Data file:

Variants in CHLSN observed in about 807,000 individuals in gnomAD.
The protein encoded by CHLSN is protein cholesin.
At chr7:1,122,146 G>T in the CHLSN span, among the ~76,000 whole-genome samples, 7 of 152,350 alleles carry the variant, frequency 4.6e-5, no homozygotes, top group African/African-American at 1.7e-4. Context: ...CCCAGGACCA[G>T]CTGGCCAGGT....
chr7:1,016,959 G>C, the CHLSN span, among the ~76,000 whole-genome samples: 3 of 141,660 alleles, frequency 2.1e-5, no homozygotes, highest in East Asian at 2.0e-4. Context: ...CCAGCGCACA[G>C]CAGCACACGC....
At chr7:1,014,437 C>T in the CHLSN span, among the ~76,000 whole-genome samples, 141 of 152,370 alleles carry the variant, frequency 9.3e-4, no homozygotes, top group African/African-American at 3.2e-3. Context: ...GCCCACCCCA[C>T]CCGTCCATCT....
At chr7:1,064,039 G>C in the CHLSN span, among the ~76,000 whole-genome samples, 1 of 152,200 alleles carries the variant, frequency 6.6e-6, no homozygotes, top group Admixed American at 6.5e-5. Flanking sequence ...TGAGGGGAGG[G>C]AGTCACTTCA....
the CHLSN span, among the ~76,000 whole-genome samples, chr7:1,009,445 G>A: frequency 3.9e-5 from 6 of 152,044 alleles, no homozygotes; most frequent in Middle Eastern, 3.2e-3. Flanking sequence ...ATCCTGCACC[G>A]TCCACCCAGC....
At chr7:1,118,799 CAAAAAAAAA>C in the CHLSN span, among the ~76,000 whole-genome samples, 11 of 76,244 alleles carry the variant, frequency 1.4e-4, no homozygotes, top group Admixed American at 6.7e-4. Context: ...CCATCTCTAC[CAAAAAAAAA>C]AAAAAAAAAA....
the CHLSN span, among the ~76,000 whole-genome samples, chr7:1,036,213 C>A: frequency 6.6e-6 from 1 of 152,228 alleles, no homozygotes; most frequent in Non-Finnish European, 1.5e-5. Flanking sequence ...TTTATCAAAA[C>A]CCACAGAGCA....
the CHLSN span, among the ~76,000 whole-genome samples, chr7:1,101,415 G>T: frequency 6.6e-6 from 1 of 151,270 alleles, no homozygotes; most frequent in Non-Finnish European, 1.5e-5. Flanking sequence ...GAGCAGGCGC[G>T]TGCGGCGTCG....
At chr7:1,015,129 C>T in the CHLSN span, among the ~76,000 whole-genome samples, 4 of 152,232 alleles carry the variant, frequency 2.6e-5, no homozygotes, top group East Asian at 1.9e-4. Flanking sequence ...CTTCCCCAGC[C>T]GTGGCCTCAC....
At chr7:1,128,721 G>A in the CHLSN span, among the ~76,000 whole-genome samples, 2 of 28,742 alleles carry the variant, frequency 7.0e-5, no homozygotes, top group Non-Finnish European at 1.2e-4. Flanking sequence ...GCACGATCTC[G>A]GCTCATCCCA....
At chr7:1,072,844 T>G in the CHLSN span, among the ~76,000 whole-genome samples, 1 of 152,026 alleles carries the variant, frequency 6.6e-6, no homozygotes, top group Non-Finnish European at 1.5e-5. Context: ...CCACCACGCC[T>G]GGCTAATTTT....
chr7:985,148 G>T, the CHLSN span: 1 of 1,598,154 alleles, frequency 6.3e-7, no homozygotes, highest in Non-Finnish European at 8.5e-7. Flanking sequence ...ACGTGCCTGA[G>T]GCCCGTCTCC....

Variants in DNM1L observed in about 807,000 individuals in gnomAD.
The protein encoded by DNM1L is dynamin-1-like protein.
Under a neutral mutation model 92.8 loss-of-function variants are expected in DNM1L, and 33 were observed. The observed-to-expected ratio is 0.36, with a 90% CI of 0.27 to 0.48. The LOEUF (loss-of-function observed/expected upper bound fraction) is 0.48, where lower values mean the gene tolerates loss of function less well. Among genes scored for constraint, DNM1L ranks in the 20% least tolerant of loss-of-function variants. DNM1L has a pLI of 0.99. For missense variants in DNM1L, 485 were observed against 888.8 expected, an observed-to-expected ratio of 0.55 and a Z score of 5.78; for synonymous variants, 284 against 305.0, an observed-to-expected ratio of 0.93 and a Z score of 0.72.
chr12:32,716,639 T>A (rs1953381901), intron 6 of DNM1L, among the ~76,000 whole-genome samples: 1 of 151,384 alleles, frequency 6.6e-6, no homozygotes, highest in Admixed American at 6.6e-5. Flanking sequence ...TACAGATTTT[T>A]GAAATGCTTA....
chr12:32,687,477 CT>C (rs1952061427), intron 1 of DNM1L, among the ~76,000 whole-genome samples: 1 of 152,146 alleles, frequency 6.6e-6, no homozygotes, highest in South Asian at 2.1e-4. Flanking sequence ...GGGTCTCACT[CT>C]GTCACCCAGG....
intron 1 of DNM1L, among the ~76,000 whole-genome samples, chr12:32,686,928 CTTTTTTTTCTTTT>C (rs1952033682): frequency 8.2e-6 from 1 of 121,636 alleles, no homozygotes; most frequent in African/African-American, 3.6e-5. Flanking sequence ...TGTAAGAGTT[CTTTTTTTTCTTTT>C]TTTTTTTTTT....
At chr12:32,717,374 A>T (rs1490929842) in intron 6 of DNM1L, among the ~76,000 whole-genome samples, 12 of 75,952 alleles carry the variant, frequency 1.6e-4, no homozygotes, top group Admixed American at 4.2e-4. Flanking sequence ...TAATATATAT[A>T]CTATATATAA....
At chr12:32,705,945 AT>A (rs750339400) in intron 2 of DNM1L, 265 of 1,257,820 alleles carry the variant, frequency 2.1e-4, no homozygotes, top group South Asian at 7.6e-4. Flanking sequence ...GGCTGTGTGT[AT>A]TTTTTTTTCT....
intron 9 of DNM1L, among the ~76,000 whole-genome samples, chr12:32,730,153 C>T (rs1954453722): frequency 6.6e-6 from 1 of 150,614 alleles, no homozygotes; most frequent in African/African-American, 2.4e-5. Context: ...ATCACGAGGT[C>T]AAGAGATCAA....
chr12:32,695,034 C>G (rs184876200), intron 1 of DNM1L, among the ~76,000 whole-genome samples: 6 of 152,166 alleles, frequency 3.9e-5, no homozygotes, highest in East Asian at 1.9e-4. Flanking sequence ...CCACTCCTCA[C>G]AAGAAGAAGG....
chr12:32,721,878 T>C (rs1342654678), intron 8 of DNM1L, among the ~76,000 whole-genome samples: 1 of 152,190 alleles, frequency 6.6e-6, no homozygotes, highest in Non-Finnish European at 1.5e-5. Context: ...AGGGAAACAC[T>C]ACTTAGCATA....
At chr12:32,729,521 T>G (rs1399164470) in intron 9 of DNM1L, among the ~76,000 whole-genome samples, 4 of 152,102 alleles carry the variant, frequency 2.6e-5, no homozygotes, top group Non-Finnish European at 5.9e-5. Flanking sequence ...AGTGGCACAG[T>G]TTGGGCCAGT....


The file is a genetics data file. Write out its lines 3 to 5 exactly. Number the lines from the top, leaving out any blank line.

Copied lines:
At chr7:1,122,146 G>T in the CHLSN span, among the ~76,000 whole-genome samples, 7 of 152,350 alleles carry the variant, frequency 4.6e-5, no homozygotes, top group African/African-American at 1.7e-4. Context: ...CCCAGGACCA[G>T]CTGGCCAGGT....
chr7:1,016,959 G>C, the CHLSN span, among the ~76,000 whole-genome samples: 3 of 141,660 alleles, frequency 2.1e-5, no homozygotes, highest in East Asian at 2.0e-4. Context: ...CCAGCGCACA[G>C]CAGCACACGC....
At chr7:1,014,437 C>T in the CHLSN span, among the ~76,000 whole-genome samples, 141 of 152,370 alleles carry the variant, frequency 9.3e-4, no homozygotes, top group African/African-American at 3.2e-3. Context: ...GCCCACCCCA[C>T]CCGTCCATCT....